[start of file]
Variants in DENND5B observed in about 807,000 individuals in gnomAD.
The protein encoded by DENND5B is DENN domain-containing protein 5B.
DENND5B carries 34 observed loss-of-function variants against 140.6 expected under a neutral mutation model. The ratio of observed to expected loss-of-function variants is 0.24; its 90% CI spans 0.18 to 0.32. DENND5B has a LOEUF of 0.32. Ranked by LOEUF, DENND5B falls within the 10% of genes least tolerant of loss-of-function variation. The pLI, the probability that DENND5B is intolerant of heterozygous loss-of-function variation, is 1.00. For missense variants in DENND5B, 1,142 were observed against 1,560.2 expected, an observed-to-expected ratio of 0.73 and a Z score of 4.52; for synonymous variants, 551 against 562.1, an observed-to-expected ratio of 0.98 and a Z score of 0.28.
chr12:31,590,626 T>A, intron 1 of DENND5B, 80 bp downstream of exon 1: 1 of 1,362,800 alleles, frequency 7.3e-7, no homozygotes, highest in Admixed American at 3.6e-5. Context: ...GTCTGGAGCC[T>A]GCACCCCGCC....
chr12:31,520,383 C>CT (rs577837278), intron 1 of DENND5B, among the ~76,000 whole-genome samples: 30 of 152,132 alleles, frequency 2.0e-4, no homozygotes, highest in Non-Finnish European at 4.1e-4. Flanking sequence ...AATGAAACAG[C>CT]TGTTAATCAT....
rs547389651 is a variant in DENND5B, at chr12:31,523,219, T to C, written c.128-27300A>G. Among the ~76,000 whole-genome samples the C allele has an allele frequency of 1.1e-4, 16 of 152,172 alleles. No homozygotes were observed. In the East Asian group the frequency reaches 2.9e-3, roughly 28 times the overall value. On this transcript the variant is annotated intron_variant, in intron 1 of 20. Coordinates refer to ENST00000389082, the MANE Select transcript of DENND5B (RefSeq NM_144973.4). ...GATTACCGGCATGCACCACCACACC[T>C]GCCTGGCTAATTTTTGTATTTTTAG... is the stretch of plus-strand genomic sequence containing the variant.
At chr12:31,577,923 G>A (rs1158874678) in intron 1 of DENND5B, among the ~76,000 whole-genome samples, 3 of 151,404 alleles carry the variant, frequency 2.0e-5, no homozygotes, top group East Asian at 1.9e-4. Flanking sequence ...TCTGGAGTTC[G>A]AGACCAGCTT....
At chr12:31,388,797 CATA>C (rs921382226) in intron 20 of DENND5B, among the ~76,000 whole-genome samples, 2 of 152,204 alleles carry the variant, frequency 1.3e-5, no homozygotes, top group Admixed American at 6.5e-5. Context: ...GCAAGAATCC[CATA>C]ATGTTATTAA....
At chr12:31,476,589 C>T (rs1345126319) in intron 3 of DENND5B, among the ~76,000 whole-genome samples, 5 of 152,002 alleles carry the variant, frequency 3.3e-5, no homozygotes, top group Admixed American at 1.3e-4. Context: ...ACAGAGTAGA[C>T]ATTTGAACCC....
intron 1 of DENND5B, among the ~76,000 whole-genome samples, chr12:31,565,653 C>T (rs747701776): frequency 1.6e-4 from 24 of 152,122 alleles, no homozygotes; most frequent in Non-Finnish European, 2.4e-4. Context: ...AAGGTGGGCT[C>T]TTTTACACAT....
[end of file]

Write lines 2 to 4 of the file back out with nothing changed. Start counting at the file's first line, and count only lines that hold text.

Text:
The protein encoded by DENND5B is DENN domain-containing protein 5B.
DENND5B carries 34 observed loss-of-function variants against 140.6 expected under a neutral mutation model. The ratio of observed to expected loss-of-function variants is 0.24; its 90% CI spans 0.18 to 0.32. DENND5B has a LOEUF of 0.32. Ranked by LOEUF, DENND5B falls within the 10% of genes least tolerant of loss-of-function variation. The pLI, the probability that DENND5B is intolerant of heterozygous loss-of-function variation, is 1.00. For missense variants in DENND5B, 1,142 were observed against 1,560.2 expected, an observed-to-expected ratio of 0.73 and a Z score of 4.52; for synonymous variants, 551 against 562.1, an observed-to-expected ratio of 0.98 and a Z score of 0.28.
chr12:31,590,626 T>A, intron 1 of DENND5B, 80 bp downstream of exon 1: 1 of 1,362,800 alleles, frequency 7.3e-7, no homozygotes, highest in Admixed American at 3.6e-5. Context: ...GTCTGGAGCC[T>A]GCACCCCGCC....